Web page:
EU sets out five-year crime cooperation, anti-trafficking plans


FILE PHOTO: European Union flags flutter outside the European Commission headquarters in Brussels, Belgium, March 24, 2021. REUTERS/Yves Herman

BRUSSELS (Reuters) - The European Union will seek to increase police cooperation, target human trafficking and establish new rules to counter money laundering, according to plans detailed by the European Commission on Wednesday.

The EU executive set out a five-year roadmap of legislative proposals and initiatives designed to combat organised criminal gangs, who have increasingly gone digital and even exploited the coronavirus pandemic with sales of counterfeit medical products.

For example, criminal groups have already sought to sell over 1 billion fake or non-existent vaccine doses, the Commission said, adding it wanted more focus on dismantling gangs and arresting their leaders than on lower-level offenders.

The Commission said 70% of criminal gangs operate in four or more EU countries and their revenues from trafficking arms, drugs or people, smuggling migrants, cybercrime and other major offences amounted to 139 billion euros ($166 billion) in 2019, equivalent to 1% of EU gross domestic product.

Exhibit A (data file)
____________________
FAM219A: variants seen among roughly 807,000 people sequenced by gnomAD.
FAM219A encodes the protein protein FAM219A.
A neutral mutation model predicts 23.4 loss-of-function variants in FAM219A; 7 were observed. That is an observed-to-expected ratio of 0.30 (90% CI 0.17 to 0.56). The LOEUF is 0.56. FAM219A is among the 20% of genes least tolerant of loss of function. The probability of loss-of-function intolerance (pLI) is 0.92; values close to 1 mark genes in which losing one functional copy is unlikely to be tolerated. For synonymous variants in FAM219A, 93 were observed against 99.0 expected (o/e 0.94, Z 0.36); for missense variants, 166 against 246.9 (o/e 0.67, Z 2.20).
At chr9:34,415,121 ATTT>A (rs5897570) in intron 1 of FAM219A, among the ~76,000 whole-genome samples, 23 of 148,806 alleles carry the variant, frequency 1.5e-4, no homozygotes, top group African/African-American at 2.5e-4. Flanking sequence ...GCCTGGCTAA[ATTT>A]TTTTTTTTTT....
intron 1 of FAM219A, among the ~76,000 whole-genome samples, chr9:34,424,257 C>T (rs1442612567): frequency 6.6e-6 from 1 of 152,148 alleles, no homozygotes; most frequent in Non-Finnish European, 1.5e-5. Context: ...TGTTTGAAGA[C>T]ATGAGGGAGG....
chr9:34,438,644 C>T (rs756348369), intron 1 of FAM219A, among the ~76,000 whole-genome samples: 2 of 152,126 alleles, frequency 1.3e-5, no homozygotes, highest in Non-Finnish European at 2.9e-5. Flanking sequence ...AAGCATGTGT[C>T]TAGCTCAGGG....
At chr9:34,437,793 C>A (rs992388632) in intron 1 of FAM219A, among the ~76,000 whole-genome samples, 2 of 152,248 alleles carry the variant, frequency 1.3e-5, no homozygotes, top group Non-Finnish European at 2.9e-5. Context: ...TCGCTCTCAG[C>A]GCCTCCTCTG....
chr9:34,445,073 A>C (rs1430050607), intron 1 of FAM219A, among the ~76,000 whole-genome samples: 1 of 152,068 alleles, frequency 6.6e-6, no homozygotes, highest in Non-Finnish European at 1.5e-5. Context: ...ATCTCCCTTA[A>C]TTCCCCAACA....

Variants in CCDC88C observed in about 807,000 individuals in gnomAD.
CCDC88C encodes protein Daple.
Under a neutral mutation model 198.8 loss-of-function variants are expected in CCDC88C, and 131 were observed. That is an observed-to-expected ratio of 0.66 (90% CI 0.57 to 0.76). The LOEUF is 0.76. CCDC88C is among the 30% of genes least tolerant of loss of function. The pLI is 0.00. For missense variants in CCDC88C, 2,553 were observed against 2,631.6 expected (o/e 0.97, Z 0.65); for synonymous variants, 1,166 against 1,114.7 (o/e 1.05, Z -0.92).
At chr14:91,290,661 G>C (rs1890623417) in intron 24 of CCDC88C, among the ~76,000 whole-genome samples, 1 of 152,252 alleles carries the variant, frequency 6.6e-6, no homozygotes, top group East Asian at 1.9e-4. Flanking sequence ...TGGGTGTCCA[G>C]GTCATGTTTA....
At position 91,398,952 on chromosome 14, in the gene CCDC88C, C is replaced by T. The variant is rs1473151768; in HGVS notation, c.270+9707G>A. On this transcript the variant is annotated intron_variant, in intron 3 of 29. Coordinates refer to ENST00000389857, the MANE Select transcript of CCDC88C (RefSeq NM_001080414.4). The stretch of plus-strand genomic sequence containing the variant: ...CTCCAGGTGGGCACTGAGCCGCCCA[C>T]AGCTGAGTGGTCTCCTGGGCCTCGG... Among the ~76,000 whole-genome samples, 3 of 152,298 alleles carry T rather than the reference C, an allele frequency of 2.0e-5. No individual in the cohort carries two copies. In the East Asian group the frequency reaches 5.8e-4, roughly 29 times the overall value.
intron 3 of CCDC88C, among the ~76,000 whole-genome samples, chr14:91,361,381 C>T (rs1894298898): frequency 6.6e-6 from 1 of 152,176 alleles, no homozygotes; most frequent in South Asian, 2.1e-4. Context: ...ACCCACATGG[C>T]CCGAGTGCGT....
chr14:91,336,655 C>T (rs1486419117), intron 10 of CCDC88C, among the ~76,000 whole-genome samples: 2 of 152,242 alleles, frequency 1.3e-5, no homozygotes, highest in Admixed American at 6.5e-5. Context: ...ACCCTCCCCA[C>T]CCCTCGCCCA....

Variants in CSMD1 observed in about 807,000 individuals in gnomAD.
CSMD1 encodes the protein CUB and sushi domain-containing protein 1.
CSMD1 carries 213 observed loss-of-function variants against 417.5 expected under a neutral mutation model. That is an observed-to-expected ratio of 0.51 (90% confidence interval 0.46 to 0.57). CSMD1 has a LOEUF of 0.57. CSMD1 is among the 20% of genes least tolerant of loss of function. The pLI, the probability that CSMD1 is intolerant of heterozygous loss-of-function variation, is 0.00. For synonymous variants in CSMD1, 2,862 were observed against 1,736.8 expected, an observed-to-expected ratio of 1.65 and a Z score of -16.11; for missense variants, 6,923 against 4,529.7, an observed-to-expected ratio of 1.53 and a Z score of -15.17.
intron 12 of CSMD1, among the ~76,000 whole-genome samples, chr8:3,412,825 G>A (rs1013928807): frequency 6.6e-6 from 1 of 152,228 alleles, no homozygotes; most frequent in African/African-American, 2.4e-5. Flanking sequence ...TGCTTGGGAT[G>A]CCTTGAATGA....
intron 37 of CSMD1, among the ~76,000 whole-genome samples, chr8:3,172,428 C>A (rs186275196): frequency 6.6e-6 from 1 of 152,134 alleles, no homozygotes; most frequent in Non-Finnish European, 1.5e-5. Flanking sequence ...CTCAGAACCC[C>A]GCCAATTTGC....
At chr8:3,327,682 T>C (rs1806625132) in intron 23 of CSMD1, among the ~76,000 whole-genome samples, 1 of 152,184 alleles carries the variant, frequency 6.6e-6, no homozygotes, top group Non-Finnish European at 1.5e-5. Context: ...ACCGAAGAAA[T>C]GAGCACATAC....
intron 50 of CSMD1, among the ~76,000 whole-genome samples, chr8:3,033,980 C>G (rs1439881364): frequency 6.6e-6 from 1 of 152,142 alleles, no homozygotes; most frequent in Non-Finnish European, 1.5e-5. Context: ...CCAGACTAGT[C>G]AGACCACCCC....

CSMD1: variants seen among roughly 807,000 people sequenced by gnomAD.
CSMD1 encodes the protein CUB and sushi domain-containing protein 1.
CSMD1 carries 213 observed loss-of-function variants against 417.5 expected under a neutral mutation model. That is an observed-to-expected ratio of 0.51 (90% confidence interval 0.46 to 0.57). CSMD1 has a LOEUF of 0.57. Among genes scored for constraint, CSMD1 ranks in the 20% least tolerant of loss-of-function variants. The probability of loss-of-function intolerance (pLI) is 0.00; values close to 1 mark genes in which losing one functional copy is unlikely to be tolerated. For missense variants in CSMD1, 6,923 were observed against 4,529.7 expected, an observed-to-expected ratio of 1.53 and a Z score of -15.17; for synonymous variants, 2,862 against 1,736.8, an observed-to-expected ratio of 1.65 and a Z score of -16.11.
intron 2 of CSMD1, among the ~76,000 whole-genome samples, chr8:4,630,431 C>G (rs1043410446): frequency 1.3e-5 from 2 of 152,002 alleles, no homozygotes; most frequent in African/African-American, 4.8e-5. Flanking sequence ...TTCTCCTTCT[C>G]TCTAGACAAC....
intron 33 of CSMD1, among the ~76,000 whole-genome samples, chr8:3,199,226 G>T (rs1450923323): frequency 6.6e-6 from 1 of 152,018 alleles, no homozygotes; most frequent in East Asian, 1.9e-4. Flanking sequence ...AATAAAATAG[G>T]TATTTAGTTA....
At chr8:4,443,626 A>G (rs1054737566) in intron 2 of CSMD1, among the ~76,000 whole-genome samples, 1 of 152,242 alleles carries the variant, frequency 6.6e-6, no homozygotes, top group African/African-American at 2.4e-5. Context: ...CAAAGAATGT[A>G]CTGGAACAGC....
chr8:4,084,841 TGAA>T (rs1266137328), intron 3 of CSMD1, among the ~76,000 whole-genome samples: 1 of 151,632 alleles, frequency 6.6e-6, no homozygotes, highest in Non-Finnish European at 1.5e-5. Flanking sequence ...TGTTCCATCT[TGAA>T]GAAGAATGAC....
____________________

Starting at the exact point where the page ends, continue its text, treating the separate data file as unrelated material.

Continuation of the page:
The executive, whose proposals need approval from EU countries and the European Parliament, said it would establish a new police cooperation code and negotiate a Europol-Interpol cooperation agreement.

It would set new anti-money laundering rules and update those for confiscating criminal profits. Today, only 1% of criminal assets are confiscated and a minor share of money laundering detected.

With 80% of crimes now having a digital component, the Commission said it would review guidance on data retention and propose ways for law enforcement authorities to gain access to encrypted information.

In the area of human trafficking, it will seek to set minimum EU rules on criminalising the knowing use of services exploiting trafficked people. It will also discuss ways for internet companies to remove platforms used to recruit or exploit vulnerable people.

Between 2017 and 2018, there were more than 14,000 registered trafficking victims, the majority women and girls, in the European Union.

($1 = 0.8363 euros)

(Reporting by Philip Blenkinsop; Editing by Toby Chopra)

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